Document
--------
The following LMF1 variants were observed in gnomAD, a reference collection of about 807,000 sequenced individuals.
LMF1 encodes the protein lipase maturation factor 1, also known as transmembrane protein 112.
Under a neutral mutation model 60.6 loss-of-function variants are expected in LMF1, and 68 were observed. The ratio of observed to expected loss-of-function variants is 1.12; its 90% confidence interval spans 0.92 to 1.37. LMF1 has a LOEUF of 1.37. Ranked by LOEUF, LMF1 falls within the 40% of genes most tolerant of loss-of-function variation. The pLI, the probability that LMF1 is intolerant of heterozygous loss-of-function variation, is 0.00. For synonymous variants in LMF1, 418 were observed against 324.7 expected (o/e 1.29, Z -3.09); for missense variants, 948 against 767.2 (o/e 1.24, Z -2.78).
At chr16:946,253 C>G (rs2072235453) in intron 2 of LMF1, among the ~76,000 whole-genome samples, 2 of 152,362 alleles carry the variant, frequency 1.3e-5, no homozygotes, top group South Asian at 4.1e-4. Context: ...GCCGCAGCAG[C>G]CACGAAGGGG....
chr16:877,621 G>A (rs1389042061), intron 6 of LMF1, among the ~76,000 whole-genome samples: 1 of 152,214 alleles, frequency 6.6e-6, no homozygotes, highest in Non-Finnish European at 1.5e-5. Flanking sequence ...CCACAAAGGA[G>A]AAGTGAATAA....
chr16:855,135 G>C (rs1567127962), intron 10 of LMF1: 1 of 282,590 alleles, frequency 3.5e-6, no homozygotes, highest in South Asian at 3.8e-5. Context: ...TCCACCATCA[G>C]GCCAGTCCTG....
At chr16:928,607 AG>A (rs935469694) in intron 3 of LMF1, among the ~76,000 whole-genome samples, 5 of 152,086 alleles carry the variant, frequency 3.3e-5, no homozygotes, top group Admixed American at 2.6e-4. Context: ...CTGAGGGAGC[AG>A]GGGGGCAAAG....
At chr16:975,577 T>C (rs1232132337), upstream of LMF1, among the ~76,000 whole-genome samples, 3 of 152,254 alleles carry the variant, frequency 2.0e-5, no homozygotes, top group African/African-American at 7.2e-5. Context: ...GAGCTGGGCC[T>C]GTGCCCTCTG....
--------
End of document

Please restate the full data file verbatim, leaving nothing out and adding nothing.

The following LMF1 variants were observed in gnomAD, a reference collection of about 807,000 sequenced individuals.
LMF1 encodes the protein lipase maturation factor 1, also known as transmembrane protein 112.
Under a neutral mutation model 60.6 loss-of-function variants are expected in LMF1, and 68 were observed. The ratio of observed to expected loss-of-function variants is 1.12; its 90% confidence interval spans 0.92 to 1.37. LMF1 has a LOEUF of 1.37. Ranked by LOEUF, LMF1 falls within the 40% of genes most tolerant of loss-of-function variation. The pLI, the probability that LMF1 is intolerant of heterozygous loss-of-function variation, is 0.00. For synonymous variants in LMF1, 418 were observed against 324.7 expected (o/e 1.29, Z -3.09); for missense variants, 948 against 767.2 (o/e 1.24, Z -2.78).
At chr16:946,253 C>G (rs2072235453) in intron 2 of LMF1, among the ~76,000 whole-genome samples, 2 of 152,362 alleles carry the variant, frequency 1.3e-5, no homozygotes, top group South Asian at 4.1e-4. Context: ...GCCGCAGCAG[C>G]CACGAAGGGG....
chr16:877,621 G>A (rs1389042061), intron 6 of LMF1, among the ~76,000 whole-genome samples: 1 of 152,214 alleles, frequency 6.6e-6, no homozygotes, highest in Non-Finnish European at 1.5e-5. Flanking sequence ...CCACAAAGGA[G>A]AAGTGAATAA....
chr16:855,135 G>C (rs1567127962), intron 10 of LMF1: 1 of 282,590 alleles, frequency 3.5e-6, no homozygotes, highest in South Asian at 3.8e-5. Context: ...TCCACCATCA[G>C]GCCAGTCCTG....
At chr16:928,607 AG>A (rs935469694) in intron 3 of LMF1, among the ~76,000 whole-genome samples, 5 of 152,086 alleles carry the variant, frequency 3.3e-5, no homozygotes, top group Admixed American at 2.6e-4. Context: ...CTGAGGGAGC[AG>A]GGGGGCAAAG....
At chr16:975,577 T>C (rs1232132337), upstream of LMF1, among the ~76,000 whole-genome samples, 3 of 152,254 alleles carry the variant, frequency 2.0e-5, no homozygotes, top group African/African-American at 7.2e-5. Context: ...GAGCTGGGCC[T>C]GTGCCCTCTG....